Actions we take in anger can have enormous consequences on the rest of our lives. Arguments around whether prison works, rehabilitation, second chances and if those who’ve served their time should be allowed to integrate back into their community have captivated film-makers for decades. Magnus von Horn’s début film, The Here After, focusses on the latter and is a minimalist tale set in a rural Swedish community.

John (Ulrik Munther) returns to his community after serving time for murdering a girl at his school, moving back in with his controlling father (Mats Blomgren) and younger brother. He’s determined to get his life back on track, but his best friend Kim (Oliver Heilmann) and fellow pupils are much less keen on the idea. Shunned by his peers, he finds companionship with Malin (Loa Ek) who sees the good in him, but events from the past are never too far away.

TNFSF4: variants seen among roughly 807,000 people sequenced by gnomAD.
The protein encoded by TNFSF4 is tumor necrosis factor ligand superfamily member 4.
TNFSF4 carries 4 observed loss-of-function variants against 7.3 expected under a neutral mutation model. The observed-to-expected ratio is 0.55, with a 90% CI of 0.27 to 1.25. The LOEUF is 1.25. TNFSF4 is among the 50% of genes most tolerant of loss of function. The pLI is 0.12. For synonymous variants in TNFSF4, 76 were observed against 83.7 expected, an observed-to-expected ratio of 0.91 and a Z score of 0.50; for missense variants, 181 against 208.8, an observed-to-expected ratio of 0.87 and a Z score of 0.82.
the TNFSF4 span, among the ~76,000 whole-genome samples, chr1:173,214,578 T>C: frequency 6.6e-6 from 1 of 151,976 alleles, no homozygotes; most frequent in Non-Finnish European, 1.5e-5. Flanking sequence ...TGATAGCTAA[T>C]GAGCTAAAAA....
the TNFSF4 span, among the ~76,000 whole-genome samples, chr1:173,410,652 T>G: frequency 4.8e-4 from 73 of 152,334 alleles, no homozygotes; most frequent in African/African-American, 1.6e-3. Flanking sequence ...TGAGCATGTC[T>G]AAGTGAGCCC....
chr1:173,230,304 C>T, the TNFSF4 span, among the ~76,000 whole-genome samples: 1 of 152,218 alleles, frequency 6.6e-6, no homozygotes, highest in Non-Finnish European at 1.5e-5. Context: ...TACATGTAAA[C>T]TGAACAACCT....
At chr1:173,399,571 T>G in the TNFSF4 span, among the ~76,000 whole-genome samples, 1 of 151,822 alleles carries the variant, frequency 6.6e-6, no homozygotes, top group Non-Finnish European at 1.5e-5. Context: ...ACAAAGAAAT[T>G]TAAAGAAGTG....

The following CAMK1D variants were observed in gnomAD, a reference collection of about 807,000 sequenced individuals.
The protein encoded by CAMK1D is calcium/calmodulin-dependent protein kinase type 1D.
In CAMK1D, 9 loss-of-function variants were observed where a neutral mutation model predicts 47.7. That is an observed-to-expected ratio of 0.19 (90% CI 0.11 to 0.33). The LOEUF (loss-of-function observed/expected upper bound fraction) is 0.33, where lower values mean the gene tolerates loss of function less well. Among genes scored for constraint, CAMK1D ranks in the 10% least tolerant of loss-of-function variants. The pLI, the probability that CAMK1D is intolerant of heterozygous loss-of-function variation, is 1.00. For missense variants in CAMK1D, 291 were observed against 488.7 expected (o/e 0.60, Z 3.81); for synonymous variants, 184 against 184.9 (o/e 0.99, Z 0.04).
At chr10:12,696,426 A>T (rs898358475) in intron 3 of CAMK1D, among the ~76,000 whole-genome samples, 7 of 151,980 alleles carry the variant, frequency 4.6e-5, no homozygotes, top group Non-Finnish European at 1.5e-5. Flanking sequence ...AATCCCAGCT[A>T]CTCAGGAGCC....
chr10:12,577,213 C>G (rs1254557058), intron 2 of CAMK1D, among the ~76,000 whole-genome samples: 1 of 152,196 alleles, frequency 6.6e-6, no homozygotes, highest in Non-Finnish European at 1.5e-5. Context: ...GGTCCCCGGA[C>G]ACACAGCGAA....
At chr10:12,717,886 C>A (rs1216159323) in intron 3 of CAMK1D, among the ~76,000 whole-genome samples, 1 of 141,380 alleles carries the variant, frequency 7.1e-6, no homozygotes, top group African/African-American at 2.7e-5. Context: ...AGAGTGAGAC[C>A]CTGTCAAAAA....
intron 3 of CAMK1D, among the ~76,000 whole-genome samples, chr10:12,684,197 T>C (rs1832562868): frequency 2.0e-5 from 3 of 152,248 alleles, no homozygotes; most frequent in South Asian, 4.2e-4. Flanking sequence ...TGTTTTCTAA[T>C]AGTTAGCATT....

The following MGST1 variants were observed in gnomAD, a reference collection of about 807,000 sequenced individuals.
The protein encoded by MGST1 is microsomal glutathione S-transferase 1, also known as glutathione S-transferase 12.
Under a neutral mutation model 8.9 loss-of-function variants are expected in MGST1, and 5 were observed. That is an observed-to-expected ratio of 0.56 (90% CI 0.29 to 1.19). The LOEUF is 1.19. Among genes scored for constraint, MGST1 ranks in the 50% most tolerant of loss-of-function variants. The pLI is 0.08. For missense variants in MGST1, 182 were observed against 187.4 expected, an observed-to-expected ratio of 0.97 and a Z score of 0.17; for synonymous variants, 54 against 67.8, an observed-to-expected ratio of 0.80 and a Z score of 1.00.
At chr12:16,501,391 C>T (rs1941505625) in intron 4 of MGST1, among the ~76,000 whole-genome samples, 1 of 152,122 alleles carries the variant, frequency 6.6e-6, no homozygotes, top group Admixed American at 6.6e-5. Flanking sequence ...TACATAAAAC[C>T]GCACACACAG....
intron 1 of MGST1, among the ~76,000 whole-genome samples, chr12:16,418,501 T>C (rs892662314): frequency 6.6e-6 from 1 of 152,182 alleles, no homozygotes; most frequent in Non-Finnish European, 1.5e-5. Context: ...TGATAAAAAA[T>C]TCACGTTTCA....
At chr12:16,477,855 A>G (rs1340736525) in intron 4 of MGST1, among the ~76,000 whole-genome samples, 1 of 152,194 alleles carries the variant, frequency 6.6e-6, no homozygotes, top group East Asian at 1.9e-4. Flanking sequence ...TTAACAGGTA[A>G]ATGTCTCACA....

Featuring a brilliant central performance from Ulrik Munther, The Here After is an impressive first foray into directing from Magnus von Horn. Spanning from younger brother Filip (Alexander Nordgren) to their grandfather, there are no female members of the family and that gap casts a heavy pall upon all of them. The narrative isn’t told in a linear fashion so we only discovers snippets of what happened as events play-out. Isolation is the one persistent theme and The Here After will stay with you long after the credits roll.

The Here After is out in cinemas on Friday.